A ROYAL commission will be held into “vile and evil” child sexual abuse after cabinet today approved Julia Gillard’s plan for Australia’s most extensive inquiry into the protection of minors.
It will look at the history of religious groups, sporting organisations, Scouts and Guides, schools and state institutions.
Ms Gillard said too many children had suffered abuse and too many adults had let them down.
“Any instance of child abuse is an evil and vile thing,” she said.
“It is appropriate for there to be a national response through a royal commission. This, I hope, will help with the healing.”
Ms Gillard said she wanted to ensure “this will never happenThe reach of the national inquiry will be vast and the Government expects it to take a considerable time to conclude after starting in the New Year.
Ms Gillard said she also wanted to take her time to form the terms of reference for the royal commission.
“I want to take the time to get this right,” she said.
“So over the next few weeks we will be consulting with the organisations that represent the survivors of child abuse, with religious organisations, with state and territory government to ensure the terms of reference are right.” again”. No one has been selected as a royal commissioner.
The Prime Minister said there had been too many instances of adults averting their eyes from the abuses and that she was determined that institutions would no longer fail to respond.
She said the focus would be on institutional responses to abuse reports, including those of police.
“There is also, I believe, cause for concern that other adults who could have done something to make a difference to the lives of these children didn’t do what they should have,” the Prime Minister said.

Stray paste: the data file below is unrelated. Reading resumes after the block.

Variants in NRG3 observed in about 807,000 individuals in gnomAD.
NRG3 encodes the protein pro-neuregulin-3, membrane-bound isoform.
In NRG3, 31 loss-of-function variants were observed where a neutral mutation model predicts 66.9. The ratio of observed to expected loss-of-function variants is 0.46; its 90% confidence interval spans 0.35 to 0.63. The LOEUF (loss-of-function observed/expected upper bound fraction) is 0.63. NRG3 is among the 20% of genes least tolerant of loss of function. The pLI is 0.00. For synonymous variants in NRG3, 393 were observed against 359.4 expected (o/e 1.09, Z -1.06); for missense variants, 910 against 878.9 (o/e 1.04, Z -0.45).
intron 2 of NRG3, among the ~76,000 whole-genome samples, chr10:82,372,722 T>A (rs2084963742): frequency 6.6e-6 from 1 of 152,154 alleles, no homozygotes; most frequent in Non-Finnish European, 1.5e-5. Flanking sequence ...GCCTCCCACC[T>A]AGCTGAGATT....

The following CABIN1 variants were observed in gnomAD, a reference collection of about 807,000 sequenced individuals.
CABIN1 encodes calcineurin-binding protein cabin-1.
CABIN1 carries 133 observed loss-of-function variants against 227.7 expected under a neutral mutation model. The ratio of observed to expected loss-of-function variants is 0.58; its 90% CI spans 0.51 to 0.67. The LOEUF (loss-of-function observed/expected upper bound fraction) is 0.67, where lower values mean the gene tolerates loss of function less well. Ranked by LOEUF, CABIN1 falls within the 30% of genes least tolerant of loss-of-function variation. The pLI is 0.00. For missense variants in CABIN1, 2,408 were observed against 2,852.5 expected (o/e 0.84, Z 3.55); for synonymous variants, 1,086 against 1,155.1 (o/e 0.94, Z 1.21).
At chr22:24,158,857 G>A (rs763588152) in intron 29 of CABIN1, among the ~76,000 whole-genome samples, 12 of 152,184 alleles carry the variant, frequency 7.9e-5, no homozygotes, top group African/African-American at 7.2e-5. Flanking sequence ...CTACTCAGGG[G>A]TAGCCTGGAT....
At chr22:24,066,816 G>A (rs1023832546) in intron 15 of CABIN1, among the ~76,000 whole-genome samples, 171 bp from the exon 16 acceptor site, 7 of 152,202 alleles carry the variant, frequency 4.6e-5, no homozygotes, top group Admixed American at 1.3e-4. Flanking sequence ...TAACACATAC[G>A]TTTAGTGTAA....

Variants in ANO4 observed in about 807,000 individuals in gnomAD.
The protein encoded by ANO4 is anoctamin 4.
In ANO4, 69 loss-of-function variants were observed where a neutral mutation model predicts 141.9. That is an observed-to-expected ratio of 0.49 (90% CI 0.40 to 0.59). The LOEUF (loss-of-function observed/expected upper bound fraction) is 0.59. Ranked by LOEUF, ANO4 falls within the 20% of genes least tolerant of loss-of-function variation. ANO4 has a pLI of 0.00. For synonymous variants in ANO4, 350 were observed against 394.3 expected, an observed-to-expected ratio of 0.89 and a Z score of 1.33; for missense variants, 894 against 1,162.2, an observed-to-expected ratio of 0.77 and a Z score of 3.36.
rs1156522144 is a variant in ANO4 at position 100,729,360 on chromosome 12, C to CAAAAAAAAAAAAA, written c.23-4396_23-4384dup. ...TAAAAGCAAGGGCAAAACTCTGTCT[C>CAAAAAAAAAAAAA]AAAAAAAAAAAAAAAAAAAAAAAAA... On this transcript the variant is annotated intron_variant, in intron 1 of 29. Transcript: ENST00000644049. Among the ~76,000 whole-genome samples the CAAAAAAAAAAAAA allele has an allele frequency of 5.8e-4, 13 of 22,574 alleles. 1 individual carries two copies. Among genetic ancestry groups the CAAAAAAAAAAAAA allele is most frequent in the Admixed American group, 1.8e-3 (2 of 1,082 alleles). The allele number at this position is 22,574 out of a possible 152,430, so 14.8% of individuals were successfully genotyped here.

“Either by becoming complicit in children being moved around for example, or by averting their eyes by acts of omission.
“I think we have to learn the lessons about how institutions can best respond when there are allegations of abuse.”
The inquiry would cover children in sate care, under the care of all religious organisations, and those looked after by private groups and schools. It was still not clear whether issues of compensation would be considered.
Ms Gillard said the terms of reference would be drawn up after discussions with religious groups, state leaders and the victims of abuse.
The Prime Minister said she had spoken to Catholic Cardinal George Pell who had been “most co-operative”.
Mr Gillard said she had already spoken to the premiers of NSW and Victoria, states which are already pursuing their own inquiries.
“Both of them are prepared to take a cooperative approach,” she said.
Premier Barry O’Farrell has already set up a Special Commission of Inquiry into allegations involving alleged paedophilia involving the Catholic Church in the Hunter.
Ms Gillard made the announcement after senior NSW police officer Peter Fox broke his silence over an alleged cover-up of a pedophile network inside the Catholic Church.
Earlier, Opposition Leader Tony Abbott backed a Royal Commission into child sexual abuse as long as it was not limited to a single institution.
He said in a statement that “if the government were to propose a royal commission to investigate the sexual abuse of children, it is something the Coalition would be prepared to support”.
Government Whip Joel Fitzgibbon also demanded a Royal Commission in the interests of “the victims, their families and the Catholic Church”.